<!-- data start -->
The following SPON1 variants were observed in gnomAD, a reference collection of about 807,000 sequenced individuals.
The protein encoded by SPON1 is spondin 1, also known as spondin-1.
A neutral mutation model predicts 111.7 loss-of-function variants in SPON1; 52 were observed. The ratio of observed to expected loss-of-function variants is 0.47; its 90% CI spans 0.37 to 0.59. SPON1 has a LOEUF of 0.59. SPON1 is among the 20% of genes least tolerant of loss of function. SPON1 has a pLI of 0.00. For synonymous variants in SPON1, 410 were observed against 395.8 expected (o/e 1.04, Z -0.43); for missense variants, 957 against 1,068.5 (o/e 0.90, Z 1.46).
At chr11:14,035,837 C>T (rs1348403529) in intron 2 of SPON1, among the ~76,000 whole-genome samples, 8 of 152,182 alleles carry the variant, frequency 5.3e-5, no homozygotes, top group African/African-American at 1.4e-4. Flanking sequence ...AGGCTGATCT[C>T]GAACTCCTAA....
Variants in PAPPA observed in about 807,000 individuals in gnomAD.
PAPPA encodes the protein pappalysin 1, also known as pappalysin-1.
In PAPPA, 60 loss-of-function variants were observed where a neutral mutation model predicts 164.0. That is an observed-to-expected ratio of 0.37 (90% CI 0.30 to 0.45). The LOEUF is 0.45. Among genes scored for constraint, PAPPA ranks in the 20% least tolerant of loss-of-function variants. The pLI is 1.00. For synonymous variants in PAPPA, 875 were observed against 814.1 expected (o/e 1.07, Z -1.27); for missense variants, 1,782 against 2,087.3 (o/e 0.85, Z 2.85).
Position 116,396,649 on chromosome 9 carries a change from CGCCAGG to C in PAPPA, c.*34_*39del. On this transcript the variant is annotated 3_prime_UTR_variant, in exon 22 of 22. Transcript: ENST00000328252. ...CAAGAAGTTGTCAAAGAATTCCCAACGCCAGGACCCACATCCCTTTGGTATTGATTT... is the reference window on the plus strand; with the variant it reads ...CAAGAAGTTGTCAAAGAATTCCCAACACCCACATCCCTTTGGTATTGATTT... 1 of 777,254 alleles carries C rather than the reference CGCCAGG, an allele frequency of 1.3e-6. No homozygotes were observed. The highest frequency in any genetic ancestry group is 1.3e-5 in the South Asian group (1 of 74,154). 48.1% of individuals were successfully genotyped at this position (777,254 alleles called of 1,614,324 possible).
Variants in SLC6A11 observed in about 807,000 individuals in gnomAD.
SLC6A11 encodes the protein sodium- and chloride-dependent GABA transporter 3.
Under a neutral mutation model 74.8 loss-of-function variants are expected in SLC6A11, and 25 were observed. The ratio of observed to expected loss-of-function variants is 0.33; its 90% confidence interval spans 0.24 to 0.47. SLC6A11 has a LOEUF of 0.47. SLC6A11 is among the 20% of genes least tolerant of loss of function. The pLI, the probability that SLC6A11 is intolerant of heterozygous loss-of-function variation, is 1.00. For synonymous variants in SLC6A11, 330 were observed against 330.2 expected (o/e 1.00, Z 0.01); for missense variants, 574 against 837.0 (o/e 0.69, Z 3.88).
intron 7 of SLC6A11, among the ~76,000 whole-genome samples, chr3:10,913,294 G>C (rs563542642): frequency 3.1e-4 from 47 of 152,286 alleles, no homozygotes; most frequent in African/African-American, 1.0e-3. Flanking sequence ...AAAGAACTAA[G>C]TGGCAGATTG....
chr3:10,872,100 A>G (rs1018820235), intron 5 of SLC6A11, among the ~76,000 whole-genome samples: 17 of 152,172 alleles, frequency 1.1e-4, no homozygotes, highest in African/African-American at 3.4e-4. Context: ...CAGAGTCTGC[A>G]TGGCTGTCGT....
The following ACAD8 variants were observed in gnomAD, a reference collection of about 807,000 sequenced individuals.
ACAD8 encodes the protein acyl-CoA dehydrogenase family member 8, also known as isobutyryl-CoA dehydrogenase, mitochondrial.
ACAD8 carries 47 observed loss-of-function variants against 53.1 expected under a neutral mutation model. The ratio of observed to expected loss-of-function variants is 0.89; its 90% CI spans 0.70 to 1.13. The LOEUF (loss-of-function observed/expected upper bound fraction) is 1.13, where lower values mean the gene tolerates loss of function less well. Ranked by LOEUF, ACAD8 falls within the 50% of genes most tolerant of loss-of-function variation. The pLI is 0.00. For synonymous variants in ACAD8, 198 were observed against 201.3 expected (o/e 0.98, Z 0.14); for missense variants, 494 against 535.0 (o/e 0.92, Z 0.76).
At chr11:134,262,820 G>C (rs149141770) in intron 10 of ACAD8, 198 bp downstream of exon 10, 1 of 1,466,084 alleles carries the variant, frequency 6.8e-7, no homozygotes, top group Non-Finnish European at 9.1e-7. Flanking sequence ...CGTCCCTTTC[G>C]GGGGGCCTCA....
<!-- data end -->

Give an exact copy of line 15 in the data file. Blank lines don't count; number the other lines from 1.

ACAD8 encodes the protein acyl-CoA dehydrogenase family member 8, also known as isobutyryl-CoA dehydrogenase, mitochondrial.